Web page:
3. The disciples’ confusion

The disciples must have been absolutely pumped with excitement at what Jesus was saying. At long last, the days of blessing were coming- just a few days away. Their expectations are sky high. However, they have the wrong expectations. We can see this from their question: ‘Then they gathered round him and asked him, ‘Lord, are you at this time going to restore the kingdom to Israel?’ (Acts 1:6)

The main point of their confusion flows from assuming that the Kingdom was going to be a political kingdom. They are thinking of a geographical kingdom, like the United Kingdom. But Jesus’ Kingdom is a spiritual one and not limited to one nation, not even Israel. In fact, Jesus Kingdom was now going to be international. The church was not going to be national, but international and universal in scope. And the Kingdom was not, as they thought, going to arrive quickly. They ask if Jesus is going to ‘at this time’ restore the Kingdom. Jesus corrects their thinking on all of these points, telling them not to focus on the timing of the Kingdom, but rather on the task of the Kingdom.

The disciples have a limited vision of where the Kingdom would be. Their minds are on the country of Israel. They want Roman power to be broken there and be an independent nation again. They want the glory days of King David and King Solomon. Jesus broadens their horizons. Christian mission would include Jerusalem and Judea, but would also take in the despised Samaritans and even further afield- the very ends of the earth. Even in our own church, we can see how Jesus’ statement has come true. We have people from Moldova and Romania and Nigeria and Slovakia and Brazil and Bulgaria and hopefully help coming from the US and even some Irish people. I’d love to see more nationalities here. The good news that Jesus is able to forgive sinners who place their trust in him is news that the whole world needs to hear.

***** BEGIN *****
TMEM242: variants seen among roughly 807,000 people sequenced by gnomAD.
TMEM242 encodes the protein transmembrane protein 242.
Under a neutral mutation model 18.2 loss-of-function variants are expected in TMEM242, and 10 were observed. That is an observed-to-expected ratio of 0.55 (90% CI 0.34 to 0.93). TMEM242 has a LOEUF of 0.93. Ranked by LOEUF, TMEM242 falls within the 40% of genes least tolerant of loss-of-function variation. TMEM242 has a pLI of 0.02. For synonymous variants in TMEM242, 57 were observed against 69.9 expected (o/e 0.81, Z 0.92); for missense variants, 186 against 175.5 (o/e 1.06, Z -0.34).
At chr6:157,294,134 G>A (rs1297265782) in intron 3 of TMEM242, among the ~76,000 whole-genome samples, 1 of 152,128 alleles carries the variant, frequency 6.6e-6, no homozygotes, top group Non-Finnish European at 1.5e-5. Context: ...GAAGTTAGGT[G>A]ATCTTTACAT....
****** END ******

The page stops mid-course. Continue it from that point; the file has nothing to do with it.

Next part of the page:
4. The task of the church

We’ve already seen this a little but let’s think more about it. The apostles were called to be witnesses to Jesus locally in Jerusalem. But they were also to have a regional concern for those in Judea. And they had to take the message to their historical enemies, the Samaritans, and even beyond that to the ends of the earth.

What about Kirkcaldy Free Church? Of course, we must have a concern for our own town of Kirkcaldy. But the ripples must go beyond our own doorstep, to the region of Fife. But that’s not far enough. We should be concerned with Scotland and Europe and the farthest places on the globe. When you throw a stone into the water, the ripples go from the centre and continue to go out wider and wider. This is a picture of what our missionary interest ought to look like.